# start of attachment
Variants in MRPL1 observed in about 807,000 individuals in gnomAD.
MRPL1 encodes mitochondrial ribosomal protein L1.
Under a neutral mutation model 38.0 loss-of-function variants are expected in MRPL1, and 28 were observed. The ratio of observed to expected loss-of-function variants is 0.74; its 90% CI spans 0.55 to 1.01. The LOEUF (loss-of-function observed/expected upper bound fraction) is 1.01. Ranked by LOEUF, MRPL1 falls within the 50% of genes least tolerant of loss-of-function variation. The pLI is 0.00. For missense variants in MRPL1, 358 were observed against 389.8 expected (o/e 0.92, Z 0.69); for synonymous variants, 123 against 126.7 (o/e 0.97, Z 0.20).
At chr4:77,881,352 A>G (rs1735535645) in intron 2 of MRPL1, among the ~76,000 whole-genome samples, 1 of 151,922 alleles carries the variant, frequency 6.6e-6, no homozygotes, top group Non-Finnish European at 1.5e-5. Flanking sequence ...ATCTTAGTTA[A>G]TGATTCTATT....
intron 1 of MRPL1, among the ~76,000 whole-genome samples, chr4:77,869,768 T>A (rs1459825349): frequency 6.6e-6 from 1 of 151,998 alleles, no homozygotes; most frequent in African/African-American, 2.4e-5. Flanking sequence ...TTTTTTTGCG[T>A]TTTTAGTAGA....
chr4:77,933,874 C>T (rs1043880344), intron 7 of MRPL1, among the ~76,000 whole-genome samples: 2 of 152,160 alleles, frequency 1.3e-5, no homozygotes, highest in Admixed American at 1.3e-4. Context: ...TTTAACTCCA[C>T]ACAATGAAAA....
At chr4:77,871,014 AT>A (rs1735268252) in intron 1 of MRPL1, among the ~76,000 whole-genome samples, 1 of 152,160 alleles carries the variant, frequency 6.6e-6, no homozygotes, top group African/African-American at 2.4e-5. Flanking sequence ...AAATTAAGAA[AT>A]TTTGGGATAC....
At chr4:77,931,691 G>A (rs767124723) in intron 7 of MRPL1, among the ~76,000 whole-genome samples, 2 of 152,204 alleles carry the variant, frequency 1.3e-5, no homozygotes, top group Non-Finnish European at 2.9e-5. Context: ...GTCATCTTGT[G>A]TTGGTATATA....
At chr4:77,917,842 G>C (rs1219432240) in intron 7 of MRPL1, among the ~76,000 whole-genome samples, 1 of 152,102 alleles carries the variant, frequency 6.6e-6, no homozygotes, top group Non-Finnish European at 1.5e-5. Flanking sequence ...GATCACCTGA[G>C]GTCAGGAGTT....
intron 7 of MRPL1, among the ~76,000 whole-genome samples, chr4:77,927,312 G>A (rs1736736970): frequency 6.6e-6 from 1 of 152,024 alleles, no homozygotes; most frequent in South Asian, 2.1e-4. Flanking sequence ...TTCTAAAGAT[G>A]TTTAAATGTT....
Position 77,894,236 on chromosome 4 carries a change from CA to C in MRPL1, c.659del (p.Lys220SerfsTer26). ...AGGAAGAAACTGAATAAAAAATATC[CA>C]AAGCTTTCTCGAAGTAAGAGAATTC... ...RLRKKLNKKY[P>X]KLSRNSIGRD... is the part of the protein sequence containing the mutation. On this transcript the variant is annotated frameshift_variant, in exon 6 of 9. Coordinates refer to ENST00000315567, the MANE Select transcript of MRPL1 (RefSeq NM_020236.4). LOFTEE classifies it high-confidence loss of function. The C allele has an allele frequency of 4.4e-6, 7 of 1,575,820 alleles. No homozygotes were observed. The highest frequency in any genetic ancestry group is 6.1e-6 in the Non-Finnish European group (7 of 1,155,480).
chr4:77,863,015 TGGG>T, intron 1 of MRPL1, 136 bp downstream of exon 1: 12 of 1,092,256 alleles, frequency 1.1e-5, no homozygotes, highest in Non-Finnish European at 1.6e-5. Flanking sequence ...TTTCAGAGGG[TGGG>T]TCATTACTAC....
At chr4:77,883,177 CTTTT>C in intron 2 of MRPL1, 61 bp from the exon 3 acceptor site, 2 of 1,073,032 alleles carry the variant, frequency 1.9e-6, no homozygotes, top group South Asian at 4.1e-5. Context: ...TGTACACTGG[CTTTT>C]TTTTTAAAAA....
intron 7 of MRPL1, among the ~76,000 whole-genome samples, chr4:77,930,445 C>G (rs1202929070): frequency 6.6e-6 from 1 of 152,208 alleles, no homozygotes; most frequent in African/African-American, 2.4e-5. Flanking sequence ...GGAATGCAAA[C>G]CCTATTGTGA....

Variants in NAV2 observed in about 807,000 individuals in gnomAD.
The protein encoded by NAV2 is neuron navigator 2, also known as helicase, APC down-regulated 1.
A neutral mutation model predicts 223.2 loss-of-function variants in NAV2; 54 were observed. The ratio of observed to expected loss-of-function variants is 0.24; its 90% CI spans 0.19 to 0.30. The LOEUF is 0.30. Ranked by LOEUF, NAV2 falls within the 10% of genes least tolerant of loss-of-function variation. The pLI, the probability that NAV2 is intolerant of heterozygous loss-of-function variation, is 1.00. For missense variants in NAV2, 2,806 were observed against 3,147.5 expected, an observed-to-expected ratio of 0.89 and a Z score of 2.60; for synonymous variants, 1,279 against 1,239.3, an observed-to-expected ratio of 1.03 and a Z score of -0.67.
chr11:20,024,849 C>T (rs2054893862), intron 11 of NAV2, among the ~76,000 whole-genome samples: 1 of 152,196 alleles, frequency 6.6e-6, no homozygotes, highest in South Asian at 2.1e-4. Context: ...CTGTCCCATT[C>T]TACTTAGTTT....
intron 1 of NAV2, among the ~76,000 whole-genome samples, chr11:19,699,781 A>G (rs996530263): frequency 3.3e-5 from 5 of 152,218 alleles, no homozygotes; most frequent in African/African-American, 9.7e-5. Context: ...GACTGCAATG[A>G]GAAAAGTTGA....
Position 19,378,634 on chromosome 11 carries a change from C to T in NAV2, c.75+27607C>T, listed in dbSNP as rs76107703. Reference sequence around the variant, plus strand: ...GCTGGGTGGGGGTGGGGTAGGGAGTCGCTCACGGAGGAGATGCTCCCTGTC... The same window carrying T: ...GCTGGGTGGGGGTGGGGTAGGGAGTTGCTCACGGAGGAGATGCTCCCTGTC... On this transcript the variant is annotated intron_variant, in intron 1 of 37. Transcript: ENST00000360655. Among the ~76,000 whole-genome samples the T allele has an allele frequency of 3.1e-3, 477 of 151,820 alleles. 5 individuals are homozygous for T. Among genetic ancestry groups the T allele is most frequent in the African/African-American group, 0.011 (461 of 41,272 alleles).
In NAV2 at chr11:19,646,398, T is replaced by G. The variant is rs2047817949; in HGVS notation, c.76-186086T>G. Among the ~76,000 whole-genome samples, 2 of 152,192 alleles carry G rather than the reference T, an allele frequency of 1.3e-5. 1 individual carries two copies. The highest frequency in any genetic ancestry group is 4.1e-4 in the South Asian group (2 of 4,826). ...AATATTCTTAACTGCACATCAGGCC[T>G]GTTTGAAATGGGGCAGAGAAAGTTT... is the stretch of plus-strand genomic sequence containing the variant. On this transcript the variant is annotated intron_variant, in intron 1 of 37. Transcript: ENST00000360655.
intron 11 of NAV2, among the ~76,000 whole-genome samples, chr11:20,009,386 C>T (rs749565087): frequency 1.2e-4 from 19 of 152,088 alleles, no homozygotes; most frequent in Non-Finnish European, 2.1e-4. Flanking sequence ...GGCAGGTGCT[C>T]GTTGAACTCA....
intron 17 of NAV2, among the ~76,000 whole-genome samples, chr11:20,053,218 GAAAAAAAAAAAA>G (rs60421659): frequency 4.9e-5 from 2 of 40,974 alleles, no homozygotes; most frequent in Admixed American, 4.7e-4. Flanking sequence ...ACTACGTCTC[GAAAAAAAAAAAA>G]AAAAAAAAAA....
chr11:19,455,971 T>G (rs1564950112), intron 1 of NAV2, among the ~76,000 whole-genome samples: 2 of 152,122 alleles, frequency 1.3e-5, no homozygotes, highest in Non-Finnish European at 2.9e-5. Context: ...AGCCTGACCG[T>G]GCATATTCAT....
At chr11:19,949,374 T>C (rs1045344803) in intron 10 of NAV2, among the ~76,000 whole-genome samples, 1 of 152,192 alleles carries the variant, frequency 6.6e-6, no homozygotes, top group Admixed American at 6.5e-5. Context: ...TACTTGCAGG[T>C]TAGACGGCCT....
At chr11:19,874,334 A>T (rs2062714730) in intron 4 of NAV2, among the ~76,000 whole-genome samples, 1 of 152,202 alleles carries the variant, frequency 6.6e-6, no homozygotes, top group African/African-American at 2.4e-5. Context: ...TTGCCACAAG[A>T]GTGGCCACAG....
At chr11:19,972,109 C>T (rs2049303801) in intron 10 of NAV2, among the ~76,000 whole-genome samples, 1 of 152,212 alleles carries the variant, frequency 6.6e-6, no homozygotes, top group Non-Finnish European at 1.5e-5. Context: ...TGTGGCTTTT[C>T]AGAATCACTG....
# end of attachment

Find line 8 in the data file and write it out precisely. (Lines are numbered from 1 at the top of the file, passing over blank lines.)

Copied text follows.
At chr4:77,931,691 G>A (rs767124723) in intron 7 of MRPL1, among the ~76,000 whole-genome samples, 2 of 152,204 alleles carry the variant, frequency 1.3e-5, no homozygotes, top group Non-Finnish European at 2.9e-5. Context: ...GTCATCTTGT[G>A]TTGGTATATA....